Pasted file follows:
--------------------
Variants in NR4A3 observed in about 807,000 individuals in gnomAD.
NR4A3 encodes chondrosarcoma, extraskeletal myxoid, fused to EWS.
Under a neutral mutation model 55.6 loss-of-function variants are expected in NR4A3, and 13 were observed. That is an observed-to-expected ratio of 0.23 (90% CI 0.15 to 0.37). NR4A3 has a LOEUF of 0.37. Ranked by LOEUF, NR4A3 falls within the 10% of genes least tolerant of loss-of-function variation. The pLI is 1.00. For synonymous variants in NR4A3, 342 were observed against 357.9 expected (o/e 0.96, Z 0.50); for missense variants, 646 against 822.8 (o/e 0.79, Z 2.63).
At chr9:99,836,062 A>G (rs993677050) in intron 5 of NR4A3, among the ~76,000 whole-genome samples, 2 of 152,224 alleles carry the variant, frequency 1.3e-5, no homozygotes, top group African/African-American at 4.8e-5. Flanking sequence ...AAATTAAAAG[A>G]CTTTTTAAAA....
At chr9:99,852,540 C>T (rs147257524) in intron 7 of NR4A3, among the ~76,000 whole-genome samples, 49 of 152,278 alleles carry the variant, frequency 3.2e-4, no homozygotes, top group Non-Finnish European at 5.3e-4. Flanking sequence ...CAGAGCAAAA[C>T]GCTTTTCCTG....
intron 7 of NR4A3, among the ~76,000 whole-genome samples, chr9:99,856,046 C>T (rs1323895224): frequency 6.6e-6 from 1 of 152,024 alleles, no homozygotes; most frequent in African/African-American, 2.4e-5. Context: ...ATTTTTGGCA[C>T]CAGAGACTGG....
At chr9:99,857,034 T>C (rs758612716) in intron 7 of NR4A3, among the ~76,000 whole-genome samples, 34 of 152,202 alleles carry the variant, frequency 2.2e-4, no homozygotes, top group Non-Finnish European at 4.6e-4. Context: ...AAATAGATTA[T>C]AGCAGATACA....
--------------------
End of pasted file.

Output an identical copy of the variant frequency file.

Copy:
Variants in NR4A3 observed in about 807,000 individuals in gnomAD.
NR4A3 encodes chondrosarcoma, extraskeletal myxoid, fused to EWS.
Under a neutral mutation model 55.6 loss-of-function variants are expected in NR4A3, and 13 were observed. That is an observed-to-expected ratio of 0.23 (90% CI 0.15 to 0.37). NR4A3 has a LOEUF of 0.37. Ranked by LOEUF, NR4A3 falls within the 10% of genes least tolerant of loss-of-function variation. The pLI is 1.00. For synonymous variants in NR4A3, 342 were observed against 357.9 expected (o/e 0.96, Z 0.50); for missense variants, 646 against 822.8 (o/e 0.79, Z 2.63).
At chr9:99,836,062 A>G (rs993677050) in intron 5 of NR4A3, among the ~76,000 whole-genome samples, 2 of 152,224 alleles carry the variant, frequency 1.3e-5, no homozygotes, top group African/African-American at 4.8e-5. Flanking sequence ...AAATTAAAAG[A>G]CTTTTTAAAA....
At chr9:99,852,540 C>T (rs147257524) in intron 7 of NR4A3, among the ~76,000 whole-genome samples, 49 of 152,278 alleles carry the variant, frequency 3.2e-4, no homozygotes, top group Non-Finnish European at 5.3e-4. Flanking sequence ...CAGAGCAAAA[C>T]GCTTTTCCTG....
intron 7 of NR4A3, among the ~76,000 whole-genome samples, chr9:99,856,046 C>T (rs1323895224): frequency 6.6e-6 from 1 of 152,024 alleles, no homozygotes; most frequent in African/African-American, 2.4e-5. Context: ...ATTTTTGGCA[C>T]CAGAGACTGG....
At chr9:99,857,034 T>C (rs758612716) in intron 7 of NR4A3, among the ~76,000 whole-genome samples, 34 of 152,202 alleles carry the variant, frequency 2.2e-4, no homozygotes, top group Non-Finnish European at 4.6e-4. Context: ...AAATAGATTA[T>C]AGCAGATACA....